Grandfather Oak

Grandfather Oak stood proudly near the top of the ridge.  His trunk larger and grander than any around him.  His thick branches spreading out 30 feet or more in every direction.  He was one of the old ones.  His roots deep in this soil now for longer than 200 years.  And Fall had come to the mountain once more.  His were the last of the leaves to begin to turn golden and brown.  Grandfather Oak He whispered in his native tongue to the other trees on his mountain, “You have all done well this year.  From the cold winter days of February and March I have watched each of you...

Touching more of the past

This return to the mountains has been a life changing event in so many ways!  I have gained a new passion (or addiction) since coming here that doesn’t seem to have an ending or a cure.  It has been a treasure hunt in some ways and an archeaoligical expedition in others and just as difficult at times.  My explorations began early on in the process as I took possession of two trunks–one that belonged to my grandfather and one belonging to my grandmother.  Old fashioned steamer trunks that had been a part of their lives for their adulthood.  They had been put to sleep in the attic of their home...

Those Who Passed Before: Through Mountain General Stores

An Excerpt of this work will be published in the Clinch Mountain Review Those Who Passed Before: Through Mountain General Stores Acknowledgements I want to offer my sincere gratitude to Mildred Anderson, author Isabel Zuber, and my Grandfather Herman Eggers for their wonderful contributions providing me with first person narrative to bring life to this work. Those Who Passed Before: Through Mountain General Stores There is an ancient belief held by many Native American religions that “every event that occurs at a place will always live at that spot” (Murray). This belief provides us with greater understanding of the bond that exists between the Native Americans and places or sites...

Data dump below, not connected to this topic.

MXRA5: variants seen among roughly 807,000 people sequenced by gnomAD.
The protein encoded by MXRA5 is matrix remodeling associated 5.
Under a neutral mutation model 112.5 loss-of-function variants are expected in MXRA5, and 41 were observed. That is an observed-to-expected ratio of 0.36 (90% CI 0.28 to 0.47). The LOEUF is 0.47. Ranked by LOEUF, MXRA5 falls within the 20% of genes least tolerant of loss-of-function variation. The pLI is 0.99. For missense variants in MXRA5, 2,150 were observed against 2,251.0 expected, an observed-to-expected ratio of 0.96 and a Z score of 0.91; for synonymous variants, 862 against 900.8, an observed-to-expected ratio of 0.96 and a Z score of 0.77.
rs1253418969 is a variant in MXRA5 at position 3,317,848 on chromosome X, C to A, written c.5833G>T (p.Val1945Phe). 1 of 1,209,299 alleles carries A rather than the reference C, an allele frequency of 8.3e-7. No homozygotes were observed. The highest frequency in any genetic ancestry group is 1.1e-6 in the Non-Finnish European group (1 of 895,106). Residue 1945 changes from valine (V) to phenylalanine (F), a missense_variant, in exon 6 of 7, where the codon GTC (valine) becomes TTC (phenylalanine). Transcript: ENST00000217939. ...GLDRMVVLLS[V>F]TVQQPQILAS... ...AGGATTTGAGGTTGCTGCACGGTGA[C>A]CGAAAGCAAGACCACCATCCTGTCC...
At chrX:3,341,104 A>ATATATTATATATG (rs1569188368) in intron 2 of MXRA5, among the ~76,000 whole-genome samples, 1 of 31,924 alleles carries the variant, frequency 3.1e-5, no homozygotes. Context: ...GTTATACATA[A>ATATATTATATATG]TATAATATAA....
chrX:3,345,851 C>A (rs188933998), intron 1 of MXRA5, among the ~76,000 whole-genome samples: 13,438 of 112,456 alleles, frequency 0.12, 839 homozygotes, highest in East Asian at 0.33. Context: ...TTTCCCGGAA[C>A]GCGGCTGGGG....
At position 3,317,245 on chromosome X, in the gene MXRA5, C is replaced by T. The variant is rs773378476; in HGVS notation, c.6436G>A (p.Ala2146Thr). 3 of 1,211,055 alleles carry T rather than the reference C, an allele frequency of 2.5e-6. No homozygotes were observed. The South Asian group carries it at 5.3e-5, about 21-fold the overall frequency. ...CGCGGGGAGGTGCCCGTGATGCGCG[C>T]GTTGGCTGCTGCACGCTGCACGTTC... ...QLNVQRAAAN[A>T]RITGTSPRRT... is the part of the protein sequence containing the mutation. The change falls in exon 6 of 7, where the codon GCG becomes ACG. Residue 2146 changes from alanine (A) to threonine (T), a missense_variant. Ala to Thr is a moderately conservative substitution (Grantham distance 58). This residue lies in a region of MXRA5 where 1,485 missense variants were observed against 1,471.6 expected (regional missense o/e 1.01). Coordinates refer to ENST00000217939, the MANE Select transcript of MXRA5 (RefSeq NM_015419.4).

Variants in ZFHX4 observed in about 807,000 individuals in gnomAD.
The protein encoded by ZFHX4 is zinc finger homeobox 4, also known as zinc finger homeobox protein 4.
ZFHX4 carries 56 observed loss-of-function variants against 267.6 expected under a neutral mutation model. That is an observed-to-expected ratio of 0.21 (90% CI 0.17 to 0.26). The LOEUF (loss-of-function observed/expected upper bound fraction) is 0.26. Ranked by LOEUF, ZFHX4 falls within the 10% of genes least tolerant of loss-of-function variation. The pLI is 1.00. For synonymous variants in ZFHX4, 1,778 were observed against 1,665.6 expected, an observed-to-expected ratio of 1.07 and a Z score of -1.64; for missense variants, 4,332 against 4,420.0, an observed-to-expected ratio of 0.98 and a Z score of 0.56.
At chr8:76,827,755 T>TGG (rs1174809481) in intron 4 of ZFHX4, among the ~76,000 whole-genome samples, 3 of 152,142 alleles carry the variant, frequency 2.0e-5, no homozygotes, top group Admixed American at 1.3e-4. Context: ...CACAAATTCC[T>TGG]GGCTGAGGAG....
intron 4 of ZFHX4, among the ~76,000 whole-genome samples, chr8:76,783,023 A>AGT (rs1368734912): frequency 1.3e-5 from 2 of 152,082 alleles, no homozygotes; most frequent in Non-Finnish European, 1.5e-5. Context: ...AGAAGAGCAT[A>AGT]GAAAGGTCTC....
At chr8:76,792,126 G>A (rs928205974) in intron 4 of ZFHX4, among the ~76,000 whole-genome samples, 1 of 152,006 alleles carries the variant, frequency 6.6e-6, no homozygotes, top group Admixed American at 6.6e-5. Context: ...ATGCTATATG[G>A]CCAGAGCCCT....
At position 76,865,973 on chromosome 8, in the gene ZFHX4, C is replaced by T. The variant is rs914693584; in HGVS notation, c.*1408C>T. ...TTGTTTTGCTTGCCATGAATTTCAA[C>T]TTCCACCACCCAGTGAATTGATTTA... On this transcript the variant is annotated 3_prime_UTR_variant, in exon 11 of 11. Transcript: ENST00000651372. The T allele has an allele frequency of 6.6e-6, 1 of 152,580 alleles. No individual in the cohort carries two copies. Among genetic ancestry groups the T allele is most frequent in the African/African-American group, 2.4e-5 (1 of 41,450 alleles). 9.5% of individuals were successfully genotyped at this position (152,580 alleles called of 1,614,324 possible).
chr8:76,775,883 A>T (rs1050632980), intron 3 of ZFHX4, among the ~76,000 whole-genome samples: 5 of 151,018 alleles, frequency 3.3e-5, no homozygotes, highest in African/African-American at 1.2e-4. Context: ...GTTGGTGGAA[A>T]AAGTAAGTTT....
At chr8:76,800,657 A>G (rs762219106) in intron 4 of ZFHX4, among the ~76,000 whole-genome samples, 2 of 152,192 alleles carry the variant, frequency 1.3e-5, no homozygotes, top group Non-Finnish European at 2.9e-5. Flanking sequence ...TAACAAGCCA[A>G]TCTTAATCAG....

Rural Doesn’t Begin To Describe It

So, we moved. Loaded a huge rental truck full of furniture, pulled one of our cars and drove the hours and miles that it took to answer the call from those mountains in Southwestern Virginia and Northwestern North Carolina. My husband and I have lived in so many different and varied places over the past 22 years that moving is not new or scary. And this hopefully last move we make is from Northern Virginia outside of DC to a new/old home in rural Appalachia. And as the title of this post states–rural does not even come close to describing the area we now call home. First, it is a...

Pulled Me Home: A Look Back

This summer a year after beginning this work I returned yet again to that place I call home.  I walked again on that hillside of timothy grass and took the time to closely inspect the tips of the stems and their colors. Another year of working with patients and in the hospital and emergency department settings has gone by.  I am here again weary and seeking comfort and mountain top peace.  Very, very little has changed since my last trip here.  The hillside is still so very quiet-only the wind and animal sounds are heard.  As I work I see a mother turkey with her young babies scurrying behind her...